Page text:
Celebrating Cephalopods

In honour of #CephalopodWeek, we’re pleased to share a personal essay from Briony Penn’s west coast almanac, A Year on the Wild Side.


Another Seaside Attraction



She was washed up on the shore: a quiet mass of mottled pink flesh diminishing, even in the thin heat of the January sun. The remaining arms and glassy eyes were the only recognizable features that identified her. We stared at her, so did the crows hopping anxiously at a safe distance from us. She was a Giant Pacific Octopus (Enteroctopus dofleini). Her arms would have curled from my head to my toes had we met each other deep in the Saanich Inlet on the east coast of Vancouver Island, where she washed in from. Grounded, she stretched four metres (12 feet) from tip to tip. She became a seaside attraction; everyone came to look at her until another high tide dragged her back into the sea, slightly the worse for wear. I checked her every day out of a sense of duty—an irrational kinship with this mound of evaporating flesh, anxious to see her well thought of by the visitors.

Most people who have lived on or by the sea have an octopus story, and I heard some of them during my vigil by her side. One fisherman told a story about trying to chase an octopus that had come up in his net around the decks. Tentacles flying, it eventually squeezed its huge body through the gunwales to escape. Another halibut fisherman told me his deckhand got wrapped up in the tentacles of an octopus he was trying to kill. The captain threw them both into the fishhold so that he wouldn’t have to see his deckhand eaten alive. The mate escaped out of the hold, threatened to eat the captain alive, and abandoned ship with the live octopus.

One scuba diver recounted a story about a male threatening him when he interrupted a breeding session. The males enlarge and modify part of one of their tentacles into a sexual organ. They use it to remove a package of sperm a metre long from their mantle and deposit it in the mantle of the female. The arm of a Giant Pacific Octopus is daunting enough at 20 metres (65 feet) below the surface, without it being twice its normal size, laden with sperm, and waving at you.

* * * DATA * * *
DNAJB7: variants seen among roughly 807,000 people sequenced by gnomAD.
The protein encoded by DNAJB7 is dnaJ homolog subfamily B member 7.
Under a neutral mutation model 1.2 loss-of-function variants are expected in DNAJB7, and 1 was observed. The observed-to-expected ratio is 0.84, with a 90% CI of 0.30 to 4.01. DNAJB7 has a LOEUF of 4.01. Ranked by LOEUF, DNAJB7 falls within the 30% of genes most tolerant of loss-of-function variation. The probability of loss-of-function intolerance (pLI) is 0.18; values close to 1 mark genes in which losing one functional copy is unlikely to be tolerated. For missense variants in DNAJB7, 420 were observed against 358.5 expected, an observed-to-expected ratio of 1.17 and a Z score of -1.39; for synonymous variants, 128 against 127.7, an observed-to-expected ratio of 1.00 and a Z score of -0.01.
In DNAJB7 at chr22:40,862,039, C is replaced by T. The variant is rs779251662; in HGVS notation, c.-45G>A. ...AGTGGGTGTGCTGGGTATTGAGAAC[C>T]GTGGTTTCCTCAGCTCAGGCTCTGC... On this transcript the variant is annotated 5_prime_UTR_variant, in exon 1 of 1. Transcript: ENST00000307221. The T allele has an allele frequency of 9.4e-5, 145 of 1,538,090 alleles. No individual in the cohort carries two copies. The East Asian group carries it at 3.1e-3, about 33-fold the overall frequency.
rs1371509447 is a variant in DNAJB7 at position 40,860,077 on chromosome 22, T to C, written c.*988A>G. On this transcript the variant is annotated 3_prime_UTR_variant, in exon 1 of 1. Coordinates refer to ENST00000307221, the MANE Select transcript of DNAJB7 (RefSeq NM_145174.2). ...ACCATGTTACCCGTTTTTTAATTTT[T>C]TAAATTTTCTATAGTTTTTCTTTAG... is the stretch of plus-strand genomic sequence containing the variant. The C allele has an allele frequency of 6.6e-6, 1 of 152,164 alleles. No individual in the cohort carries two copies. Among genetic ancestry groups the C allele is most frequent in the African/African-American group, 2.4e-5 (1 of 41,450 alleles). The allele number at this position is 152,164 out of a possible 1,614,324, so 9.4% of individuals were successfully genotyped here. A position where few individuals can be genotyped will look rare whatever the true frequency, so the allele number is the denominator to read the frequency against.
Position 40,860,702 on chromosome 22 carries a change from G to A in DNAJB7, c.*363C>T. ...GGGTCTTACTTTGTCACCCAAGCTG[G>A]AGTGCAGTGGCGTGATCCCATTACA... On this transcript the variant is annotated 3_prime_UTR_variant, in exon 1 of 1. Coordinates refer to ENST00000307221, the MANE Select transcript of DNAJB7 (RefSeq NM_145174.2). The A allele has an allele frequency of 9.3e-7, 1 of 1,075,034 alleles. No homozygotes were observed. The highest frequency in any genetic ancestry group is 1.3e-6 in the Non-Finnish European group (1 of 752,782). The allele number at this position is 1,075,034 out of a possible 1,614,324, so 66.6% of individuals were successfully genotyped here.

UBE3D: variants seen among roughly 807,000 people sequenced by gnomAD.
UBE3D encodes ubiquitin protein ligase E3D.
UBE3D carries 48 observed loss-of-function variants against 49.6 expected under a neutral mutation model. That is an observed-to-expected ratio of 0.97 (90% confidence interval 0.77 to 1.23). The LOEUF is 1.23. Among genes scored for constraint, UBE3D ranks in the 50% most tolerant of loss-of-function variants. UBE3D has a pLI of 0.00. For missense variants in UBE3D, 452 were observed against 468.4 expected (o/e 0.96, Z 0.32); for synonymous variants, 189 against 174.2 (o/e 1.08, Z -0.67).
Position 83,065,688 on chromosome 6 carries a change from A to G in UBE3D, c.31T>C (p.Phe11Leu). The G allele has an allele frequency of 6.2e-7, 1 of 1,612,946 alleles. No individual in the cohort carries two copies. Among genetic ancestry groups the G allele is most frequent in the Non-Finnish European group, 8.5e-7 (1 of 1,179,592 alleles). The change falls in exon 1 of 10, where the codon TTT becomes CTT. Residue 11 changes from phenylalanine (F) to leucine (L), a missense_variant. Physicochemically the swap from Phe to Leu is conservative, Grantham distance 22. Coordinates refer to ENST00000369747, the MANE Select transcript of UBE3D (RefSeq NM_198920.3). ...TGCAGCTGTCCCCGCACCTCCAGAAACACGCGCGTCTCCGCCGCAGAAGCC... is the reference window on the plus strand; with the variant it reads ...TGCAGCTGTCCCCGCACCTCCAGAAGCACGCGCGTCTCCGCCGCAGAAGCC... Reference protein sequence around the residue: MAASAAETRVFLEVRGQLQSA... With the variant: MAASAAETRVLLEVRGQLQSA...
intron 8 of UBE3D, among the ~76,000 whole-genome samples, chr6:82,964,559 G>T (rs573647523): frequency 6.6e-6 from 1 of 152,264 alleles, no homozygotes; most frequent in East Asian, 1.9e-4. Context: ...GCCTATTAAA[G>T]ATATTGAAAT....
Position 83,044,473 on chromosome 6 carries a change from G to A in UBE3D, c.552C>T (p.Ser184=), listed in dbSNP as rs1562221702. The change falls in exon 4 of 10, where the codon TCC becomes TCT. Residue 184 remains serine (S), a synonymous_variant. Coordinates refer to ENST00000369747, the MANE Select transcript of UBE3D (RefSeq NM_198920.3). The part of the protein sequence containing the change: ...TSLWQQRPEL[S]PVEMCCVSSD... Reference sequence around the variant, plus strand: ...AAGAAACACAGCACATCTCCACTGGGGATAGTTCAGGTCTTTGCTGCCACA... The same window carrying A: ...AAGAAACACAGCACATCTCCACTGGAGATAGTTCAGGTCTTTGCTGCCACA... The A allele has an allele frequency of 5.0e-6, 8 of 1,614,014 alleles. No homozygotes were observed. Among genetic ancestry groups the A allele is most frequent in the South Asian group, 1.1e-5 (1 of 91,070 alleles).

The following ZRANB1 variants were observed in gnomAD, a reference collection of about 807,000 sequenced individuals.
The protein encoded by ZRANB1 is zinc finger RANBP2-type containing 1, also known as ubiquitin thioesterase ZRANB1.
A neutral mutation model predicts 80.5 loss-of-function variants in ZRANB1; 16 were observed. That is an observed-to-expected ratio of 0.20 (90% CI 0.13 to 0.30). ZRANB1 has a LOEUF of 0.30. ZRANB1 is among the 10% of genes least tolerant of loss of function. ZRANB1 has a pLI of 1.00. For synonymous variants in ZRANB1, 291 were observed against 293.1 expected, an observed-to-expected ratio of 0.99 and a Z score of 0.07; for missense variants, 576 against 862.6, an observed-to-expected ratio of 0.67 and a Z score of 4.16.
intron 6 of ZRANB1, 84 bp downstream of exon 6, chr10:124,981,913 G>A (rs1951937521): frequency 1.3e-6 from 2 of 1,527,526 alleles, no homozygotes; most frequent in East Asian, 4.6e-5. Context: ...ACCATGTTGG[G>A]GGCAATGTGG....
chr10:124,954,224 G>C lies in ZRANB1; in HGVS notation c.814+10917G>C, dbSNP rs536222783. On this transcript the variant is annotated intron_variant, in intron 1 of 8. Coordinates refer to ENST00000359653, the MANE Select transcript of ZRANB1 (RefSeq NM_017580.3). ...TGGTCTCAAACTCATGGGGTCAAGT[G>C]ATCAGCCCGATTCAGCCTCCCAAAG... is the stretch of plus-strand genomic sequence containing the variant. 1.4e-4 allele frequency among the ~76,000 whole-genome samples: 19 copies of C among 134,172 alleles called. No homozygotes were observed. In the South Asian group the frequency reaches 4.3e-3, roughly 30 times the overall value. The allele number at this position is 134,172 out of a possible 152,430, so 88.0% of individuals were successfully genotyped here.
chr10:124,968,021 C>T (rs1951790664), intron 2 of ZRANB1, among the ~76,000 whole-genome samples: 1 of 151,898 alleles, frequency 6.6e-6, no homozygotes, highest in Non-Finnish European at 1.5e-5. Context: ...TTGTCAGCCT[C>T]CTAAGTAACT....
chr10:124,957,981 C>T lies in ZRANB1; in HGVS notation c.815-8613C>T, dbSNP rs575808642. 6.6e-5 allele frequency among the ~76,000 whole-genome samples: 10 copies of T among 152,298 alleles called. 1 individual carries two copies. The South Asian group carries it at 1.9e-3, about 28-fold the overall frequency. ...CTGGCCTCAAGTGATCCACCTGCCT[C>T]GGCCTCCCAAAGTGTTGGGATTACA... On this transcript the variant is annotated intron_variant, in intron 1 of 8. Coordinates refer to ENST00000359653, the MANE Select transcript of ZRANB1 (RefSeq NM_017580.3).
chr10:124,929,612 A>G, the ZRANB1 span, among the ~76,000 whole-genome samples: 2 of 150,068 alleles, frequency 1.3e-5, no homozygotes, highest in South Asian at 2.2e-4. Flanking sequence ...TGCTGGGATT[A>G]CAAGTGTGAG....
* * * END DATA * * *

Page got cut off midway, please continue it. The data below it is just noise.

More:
An aquarium buff testified to the fact that octopi have long-term memories, unlike any other invertebrates, and can perform problem-solving tricks. An eight-year-old boy told me that a Giant Pacific Octopus could eat a BC Ferries vessel. A six-year-old child told me that if you blindfold an octopus, it could tell the difference between two objects. These were all pertinent anecdotes, but I needed an octopus expert to answer a simple question that everyone who visited the roadside attraction asked me: why did she die?

Pacific Giant Octopus dwell along the Pacific shores, but the largest ones in the world have been found in Saanich. Typically you only see them around docks in their early phase, a swarm of young octopi changing colour from brilliant green to deep blue, feeding on the plankton. But what happens after that? When do they descend to the bottom of the sea to start their adult life? Everything loves to eat baby octopi, but what preys on the large adults?

In 1922, Dr. Fisher conducted the first Western scientific documentation of their life cycle by watching a female kept in captivity. She laid thousands of eggs, looking like long bunches of sultana grapes, which she attached to the ceiling of a den in a tank. The female tended her eggs, swooshing water through her siphon over them, carefully cleaning them with her suction cups, and forming her body into a basket shape around them to keep them safe from predators. He never saw her leave them, nor did she accept food. Instead, she picked up food that was offered her and, flushing reddish-brown, hurled it away from her den. The eggs started to hatch into tiny larvae two months later, and she stood guard by them until the last egg hatched. She died shortly thereafter. Researchers have repeated Dr. Fisher’s historical observations many times over. Octopus may live beyond five years, but as soon as they breed, they die, like salmon.

This was the crucial piece of information I was looking for. My intuitive regard for this overworked mother (they can brood up to 200,000 young) was justified. I could empathize with the exhausted heap of mottled pink flesh with only two glassy eyes and a few remaining arms—there are many of us who answer to that description. She was hounded by fishers, chased into tight corners, and deafened by oil tankers. She performed party tricks behind glass and still found time to suction off dirty offspring. She deserved to lie in dignity.

*Excerpted from A Year on the Wild Side by Briony Penn, 2019